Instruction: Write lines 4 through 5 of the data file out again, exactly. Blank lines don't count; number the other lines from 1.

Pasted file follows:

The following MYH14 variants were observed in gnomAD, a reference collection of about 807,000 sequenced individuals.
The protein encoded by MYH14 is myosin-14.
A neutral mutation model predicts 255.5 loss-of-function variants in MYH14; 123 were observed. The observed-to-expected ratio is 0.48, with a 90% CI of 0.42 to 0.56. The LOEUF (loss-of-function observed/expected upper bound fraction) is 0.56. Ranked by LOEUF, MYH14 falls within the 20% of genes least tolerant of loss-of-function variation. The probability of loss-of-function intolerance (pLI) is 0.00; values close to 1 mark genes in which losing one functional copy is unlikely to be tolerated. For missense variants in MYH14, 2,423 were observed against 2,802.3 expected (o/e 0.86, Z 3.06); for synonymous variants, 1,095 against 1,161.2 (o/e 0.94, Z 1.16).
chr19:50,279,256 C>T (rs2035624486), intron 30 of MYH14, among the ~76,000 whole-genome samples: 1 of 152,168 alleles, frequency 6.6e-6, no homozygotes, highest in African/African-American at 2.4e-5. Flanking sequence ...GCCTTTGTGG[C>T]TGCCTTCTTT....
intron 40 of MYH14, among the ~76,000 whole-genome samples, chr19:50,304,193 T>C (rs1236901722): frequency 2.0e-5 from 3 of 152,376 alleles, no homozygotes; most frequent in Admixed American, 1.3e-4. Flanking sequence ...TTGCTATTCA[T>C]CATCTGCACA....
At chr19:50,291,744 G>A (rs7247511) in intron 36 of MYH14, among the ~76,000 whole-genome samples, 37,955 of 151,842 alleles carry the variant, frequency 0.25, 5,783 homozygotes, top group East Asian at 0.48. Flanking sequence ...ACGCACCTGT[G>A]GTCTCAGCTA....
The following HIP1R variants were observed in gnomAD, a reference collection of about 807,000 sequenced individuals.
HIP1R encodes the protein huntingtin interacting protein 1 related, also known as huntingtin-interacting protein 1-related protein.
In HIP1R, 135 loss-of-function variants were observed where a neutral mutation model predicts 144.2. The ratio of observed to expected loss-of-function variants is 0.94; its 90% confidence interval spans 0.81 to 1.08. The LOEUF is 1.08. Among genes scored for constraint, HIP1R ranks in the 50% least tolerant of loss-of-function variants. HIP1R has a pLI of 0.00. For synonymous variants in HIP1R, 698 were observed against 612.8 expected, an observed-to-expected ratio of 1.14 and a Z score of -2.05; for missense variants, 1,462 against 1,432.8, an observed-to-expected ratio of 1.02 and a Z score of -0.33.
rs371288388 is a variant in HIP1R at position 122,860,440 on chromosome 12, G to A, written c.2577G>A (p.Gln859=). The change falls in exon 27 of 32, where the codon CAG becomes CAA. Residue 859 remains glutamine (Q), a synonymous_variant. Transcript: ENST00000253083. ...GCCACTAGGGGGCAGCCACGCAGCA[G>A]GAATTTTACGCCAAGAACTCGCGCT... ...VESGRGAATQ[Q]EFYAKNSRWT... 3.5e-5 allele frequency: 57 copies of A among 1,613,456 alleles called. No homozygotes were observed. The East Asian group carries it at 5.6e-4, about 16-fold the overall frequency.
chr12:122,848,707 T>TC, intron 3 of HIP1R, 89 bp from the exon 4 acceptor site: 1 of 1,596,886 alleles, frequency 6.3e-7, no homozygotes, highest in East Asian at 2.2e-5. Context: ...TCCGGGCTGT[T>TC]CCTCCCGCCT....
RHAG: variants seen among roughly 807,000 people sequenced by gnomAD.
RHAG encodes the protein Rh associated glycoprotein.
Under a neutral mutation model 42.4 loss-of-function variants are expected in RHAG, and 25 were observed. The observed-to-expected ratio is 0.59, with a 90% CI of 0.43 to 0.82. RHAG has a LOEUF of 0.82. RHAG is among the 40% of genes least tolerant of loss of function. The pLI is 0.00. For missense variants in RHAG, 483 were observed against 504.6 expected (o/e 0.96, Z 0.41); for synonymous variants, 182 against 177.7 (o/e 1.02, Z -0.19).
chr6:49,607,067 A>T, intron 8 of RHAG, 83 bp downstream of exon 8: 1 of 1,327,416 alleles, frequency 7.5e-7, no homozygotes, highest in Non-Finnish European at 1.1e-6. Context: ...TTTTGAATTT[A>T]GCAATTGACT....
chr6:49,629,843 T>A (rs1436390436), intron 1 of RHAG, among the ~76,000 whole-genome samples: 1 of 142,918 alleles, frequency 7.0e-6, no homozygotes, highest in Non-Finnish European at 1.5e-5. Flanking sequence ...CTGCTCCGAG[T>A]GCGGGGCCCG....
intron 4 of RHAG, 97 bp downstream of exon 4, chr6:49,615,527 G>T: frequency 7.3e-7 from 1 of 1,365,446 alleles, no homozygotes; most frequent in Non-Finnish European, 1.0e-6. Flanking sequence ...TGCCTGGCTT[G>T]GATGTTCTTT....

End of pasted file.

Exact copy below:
chr19:50,279,256 C>T (rs2035624486), intron 30 of MYH14, among the ~76,000 whole-genome samples: 1 of 152,168 alleles, frequency 6.6e-6, no homozygotes, highest in African/African-American at 2.4e-5. Flanking sequence ...GCCTTTGTGG[C>T]TGCCTTCTTT....
intron 40 of MYH14, among the ~76,000 whole-genome samples, chr19:50,304,193 T>C (rs1236901722): frequency 2.0e-5 from 3 of 152,376 alleles, no homozygotes; most frequent in Admixed American, 1.3e-4. Flanking sequence ...TTGCTATTCA[T>C]CATCTGCACA....